Critic’s Notebook: Fox News Plays Knight in Shining Armor to a Beleaguered Trump-on-Trial

It’s been Donald Trump’s terrible, horrible, no good, very bad week.

The past and potentially future leader of the free world spent most of it in a dingy Manhattan courtroom, no longer the master of his domain. It’s a place where he dutifully sits down when the judge tells him to sit, where he’s unable to say whatever he wants, where he’s not allowed to use his phone. And worst of all, where there’s no red button for him to push when he wants a Diet Coke. And according to him, it was bitterly cold — “freezing,” in fact, sounding like your elderly uncle at Thanksgiving. Forget a legal defense; someone needs to give him a sweater.

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The criminal hearing in which he’s facing 34 felony counts is not the trial we deserve. That would be either the Georgia election interference case, the federal classified documents case or the federal Jan. 6 election case (it’s so hard to choose). But perhaps it’s the trial Trump deserves, laying bare the sleazy, tawdry aspects of his existence in a manner that could potentially sway those magical swing voters who apparently live in an alternate universe devoid of moral judgement.

For days, he was forced to listen to his good buddy David Pecker, the CEO of the company that publishes the National Enquirer, relate how he cooperated on “catch-and-kill” stories involving such things as Trump’s affairs with Playboy model Karen McDougal and Stormy Daniels, among others. And how the Enquirer basically operated as an arm of the campaign, doctoring photos to publish false stories like the one linking Ted Cruz’s father with Lee Harvey Oswald. Talk about fake news.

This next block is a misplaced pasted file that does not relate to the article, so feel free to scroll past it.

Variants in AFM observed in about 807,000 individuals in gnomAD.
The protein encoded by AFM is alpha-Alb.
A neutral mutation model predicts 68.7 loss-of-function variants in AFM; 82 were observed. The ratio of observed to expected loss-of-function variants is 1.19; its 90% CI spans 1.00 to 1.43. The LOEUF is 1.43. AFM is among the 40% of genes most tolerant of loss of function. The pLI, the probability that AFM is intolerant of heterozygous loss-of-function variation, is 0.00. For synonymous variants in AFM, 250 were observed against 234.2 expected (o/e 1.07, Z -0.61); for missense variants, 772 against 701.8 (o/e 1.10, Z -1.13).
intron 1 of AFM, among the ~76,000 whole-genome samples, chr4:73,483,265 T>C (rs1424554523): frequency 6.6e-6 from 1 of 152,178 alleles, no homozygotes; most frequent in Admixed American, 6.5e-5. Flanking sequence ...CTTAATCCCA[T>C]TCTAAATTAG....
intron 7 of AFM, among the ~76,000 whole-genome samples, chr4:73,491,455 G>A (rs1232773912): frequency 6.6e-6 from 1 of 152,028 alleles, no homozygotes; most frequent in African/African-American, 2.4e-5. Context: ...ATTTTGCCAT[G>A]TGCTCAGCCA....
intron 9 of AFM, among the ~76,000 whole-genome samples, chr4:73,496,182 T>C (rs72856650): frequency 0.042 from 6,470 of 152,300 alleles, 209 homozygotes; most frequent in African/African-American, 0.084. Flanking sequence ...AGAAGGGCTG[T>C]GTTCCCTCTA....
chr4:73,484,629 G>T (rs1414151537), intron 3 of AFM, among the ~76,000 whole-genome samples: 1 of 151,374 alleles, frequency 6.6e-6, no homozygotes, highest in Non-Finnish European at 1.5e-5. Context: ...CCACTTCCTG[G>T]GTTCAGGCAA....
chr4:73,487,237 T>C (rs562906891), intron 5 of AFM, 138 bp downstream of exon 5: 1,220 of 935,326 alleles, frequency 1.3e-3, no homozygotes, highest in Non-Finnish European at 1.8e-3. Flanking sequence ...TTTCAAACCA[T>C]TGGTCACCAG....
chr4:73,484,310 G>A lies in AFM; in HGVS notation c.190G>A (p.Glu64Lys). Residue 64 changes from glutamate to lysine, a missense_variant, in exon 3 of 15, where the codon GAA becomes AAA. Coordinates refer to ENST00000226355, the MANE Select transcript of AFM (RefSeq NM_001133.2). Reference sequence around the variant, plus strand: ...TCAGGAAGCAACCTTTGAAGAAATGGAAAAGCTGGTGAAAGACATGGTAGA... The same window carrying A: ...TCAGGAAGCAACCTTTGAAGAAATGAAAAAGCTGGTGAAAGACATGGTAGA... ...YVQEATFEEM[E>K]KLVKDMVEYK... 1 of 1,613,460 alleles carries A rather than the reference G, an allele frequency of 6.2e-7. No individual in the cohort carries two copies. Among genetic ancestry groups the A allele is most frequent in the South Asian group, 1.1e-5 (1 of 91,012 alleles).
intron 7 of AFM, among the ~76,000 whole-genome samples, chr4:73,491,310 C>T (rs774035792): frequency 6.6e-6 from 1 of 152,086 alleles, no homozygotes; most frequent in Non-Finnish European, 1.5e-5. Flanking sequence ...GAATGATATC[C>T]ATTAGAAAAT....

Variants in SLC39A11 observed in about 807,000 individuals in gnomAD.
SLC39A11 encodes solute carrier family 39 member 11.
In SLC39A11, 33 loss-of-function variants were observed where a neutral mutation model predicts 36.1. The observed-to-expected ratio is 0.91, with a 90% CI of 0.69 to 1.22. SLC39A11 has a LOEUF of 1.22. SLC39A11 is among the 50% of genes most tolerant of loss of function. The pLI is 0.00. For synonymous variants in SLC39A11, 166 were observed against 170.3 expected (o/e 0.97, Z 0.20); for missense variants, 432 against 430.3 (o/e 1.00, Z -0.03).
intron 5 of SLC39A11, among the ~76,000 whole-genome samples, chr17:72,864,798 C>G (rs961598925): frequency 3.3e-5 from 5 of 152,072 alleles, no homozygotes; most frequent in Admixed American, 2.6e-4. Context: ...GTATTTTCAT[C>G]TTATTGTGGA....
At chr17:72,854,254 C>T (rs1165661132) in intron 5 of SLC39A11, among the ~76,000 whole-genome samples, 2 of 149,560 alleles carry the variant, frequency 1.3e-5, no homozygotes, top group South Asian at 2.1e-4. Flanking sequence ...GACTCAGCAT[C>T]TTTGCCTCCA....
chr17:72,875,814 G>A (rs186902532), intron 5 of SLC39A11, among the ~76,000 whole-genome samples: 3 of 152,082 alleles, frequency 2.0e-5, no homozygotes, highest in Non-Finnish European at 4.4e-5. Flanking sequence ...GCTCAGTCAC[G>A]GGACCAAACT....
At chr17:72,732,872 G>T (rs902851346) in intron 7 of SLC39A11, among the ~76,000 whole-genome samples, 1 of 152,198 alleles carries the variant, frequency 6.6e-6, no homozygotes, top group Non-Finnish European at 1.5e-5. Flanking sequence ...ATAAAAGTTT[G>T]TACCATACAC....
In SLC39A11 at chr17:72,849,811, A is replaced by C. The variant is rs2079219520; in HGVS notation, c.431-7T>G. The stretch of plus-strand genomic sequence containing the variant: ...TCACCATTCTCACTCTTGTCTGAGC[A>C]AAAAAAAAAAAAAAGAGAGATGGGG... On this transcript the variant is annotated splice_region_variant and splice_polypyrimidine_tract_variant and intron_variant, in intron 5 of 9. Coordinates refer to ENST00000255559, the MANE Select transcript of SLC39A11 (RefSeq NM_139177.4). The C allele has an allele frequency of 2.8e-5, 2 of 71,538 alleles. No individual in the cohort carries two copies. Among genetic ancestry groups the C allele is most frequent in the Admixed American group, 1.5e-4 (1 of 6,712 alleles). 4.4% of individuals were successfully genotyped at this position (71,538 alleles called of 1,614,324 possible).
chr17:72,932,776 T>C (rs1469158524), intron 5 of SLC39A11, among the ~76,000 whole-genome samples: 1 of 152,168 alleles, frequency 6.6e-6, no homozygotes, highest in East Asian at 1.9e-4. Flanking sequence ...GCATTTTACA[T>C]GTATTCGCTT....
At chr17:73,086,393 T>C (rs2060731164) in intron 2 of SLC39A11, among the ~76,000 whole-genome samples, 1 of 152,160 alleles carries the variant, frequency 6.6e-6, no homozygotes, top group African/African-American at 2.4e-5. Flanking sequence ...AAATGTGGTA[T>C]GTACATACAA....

The publisher testified that he told Trump and his then-consigliere Michael Cohen that he would be the “eyes and ears” of the presidential campaign. And of course, it’s Pecker. The admission must have been shocking to anyone who considered the Enquirer to be a bastion of journalistic integrity.

In response, Trump was reduced to making impromptu speeches in the building’s hallway, where his inability to articulate without a teleprompter (or even with one) was made painfully clear. “I should be in Georgia now. I should be in Florida now,” he whined. “And I’m sitting here. It’s very unfair.” On Wednesday, when the court wasn’t in session, Trump vigorously resumed his campaign. (Just kidding. He went golfing.)

You couldn’t blame him for being unhappy. In his opening statement, his lawyer Todd Blanche made the bizarre claim, “I have a spoiler alert … there’s nothing wrong with trying to influence the election, it’s called democracy,” which only proves that he doesn’t know the meaning of the term “spoiler alert.” But it must have sounded good to all those Jan. 6 insurrectionists — excuse me, “influencers” — currently sitting in jail.

It was fairly obvious that things weren’t going well for the defense when, barely into the first week of testimony, the judge told Blanche, “You’re losing all credibility with the court.” (It’s amazing it took that long.)